Skip to main page content
Access keys NCBI Homepage MyNCBI Homepage Main Content Main Navigation
Multicenter Study
, 30 (11), 1331-4

Responsiveness of the Numeric Pain Rating Scale in Patients With Low Back Pain

Multicenter Study

Responsiveness of the Numeric Pain Rating Scale in Patients With Low Back Pain

John D Childs et al. Spine (Phila Pa 1976).


Study design: Cohort study of patients with low back pain (LBP) receiving physical therapy.

Objective: To examine the responsiveness characteristics of the numerical pain rating scale (NPRS) in patients with LBP using a variety of methods.

Summary of background data: Although several studies have assessed the reliability and validity of the NPRS, few studies have characterized its responsiveness in patients with LBP.

Methods: Determination of change on the NPRS during 1 and 4 weeks was examined by calculating mean change, standardized effect size, Guyatt Responsiveness Index, area under a receiver operating characteristic curve, minimum clinically important difference, and minimum detectable change. Change in the NPRS from baseline to the 1 and 4-week follow-up was compared to the average of the patient and therapist's perceived improvement using the 15-point Global Rating of Change scale.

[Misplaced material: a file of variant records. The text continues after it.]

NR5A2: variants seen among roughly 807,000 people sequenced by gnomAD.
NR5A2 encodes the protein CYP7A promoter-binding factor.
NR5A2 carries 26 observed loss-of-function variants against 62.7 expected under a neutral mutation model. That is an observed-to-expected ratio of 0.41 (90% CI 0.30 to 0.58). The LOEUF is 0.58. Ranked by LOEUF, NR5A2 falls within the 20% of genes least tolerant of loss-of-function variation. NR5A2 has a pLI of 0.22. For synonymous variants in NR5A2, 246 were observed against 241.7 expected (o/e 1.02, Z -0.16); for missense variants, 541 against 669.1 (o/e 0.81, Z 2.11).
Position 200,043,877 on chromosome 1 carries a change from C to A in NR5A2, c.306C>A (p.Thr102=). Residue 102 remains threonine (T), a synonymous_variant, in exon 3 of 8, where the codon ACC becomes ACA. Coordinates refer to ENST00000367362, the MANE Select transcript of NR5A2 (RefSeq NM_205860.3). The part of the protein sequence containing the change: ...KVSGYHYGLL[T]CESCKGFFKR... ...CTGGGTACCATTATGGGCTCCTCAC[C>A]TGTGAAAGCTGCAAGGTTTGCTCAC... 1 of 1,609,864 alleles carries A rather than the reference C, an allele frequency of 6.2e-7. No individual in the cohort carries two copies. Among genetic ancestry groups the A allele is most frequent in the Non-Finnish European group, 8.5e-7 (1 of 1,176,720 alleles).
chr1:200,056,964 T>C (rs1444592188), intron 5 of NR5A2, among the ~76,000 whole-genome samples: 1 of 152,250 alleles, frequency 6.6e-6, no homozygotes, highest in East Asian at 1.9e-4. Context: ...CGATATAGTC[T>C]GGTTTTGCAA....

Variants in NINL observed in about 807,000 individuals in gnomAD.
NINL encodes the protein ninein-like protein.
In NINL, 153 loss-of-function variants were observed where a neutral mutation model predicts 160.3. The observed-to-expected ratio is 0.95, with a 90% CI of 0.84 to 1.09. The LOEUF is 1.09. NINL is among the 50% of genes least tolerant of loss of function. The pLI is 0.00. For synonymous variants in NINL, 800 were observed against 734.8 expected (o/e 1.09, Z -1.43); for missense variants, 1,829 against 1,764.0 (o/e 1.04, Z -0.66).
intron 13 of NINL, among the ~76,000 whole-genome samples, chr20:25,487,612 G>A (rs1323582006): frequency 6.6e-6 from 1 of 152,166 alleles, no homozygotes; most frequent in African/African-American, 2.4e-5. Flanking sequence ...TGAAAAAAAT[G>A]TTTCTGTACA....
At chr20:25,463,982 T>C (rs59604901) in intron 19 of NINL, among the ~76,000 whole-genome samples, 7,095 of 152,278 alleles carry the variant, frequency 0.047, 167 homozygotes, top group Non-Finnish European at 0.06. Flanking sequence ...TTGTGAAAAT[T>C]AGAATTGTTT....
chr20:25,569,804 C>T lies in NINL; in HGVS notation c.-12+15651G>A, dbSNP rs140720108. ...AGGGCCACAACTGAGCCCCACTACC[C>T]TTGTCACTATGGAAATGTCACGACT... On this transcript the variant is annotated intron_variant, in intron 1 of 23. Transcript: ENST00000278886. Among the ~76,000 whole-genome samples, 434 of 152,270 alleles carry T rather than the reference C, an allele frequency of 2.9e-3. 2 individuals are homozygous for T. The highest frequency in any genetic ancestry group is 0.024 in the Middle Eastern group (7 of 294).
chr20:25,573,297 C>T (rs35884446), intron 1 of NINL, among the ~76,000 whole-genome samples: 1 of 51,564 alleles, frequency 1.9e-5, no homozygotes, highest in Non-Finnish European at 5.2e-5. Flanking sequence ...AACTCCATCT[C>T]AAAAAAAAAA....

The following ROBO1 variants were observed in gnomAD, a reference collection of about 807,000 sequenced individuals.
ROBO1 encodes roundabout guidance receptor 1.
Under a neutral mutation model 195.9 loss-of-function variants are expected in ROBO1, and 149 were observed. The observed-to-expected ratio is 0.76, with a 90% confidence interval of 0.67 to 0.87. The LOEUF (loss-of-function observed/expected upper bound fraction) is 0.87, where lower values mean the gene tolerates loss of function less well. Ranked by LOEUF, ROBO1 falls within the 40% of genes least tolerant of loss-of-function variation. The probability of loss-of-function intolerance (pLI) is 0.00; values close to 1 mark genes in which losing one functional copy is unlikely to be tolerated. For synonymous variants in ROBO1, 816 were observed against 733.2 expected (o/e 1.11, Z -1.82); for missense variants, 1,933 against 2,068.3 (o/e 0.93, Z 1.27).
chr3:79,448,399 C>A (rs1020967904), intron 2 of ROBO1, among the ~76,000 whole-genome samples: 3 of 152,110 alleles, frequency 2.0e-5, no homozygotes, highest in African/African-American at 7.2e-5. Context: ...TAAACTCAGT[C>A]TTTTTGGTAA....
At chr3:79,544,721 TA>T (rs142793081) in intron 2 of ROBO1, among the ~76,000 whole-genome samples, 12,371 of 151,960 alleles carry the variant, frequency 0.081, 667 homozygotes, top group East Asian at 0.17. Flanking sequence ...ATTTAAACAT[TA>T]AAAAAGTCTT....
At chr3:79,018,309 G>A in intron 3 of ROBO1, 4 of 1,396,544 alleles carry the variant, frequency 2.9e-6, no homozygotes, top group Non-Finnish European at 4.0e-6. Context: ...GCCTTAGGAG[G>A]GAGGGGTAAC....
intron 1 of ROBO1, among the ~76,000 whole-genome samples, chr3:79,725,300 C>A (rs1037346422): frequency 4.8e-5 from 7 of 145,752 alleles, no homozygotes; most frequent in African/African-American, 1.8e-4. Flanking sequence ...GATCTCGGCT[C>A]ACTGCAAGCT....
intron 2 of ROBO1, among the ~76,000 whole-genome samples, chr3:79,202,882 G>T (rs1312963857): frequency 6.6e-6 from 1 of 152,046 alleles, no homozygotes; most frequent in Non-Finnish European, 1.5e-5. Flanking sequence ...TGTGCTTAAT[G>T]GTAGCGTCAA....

Results: The majority of patients had clinically meaningful improvement after both 1 and 4 weeks of rehabilitation. The standard error of measure was equal to 1.02, corresponding to a minimum detectable change of 2 points. The area under the curve at the 1 and 4-week follow-up was 0.72 (0.62, 0.81) and 0.92 (0.86, 0.97), respectively. The minimum clinically important difference at the 1 and 4-week follow-up corresponded to a change of 2.2 and 1.5 points, respectively.

Conclusions: Clinicians can be confident that a 2-point change on the NPRS represents clinically meaningful change that exceeds the bounds of measurement error.

Similar articles

See all similar articles

Cited by 240 PubMed Central articles

See all "Cited by" articles

Publication types

LinkOut - more resources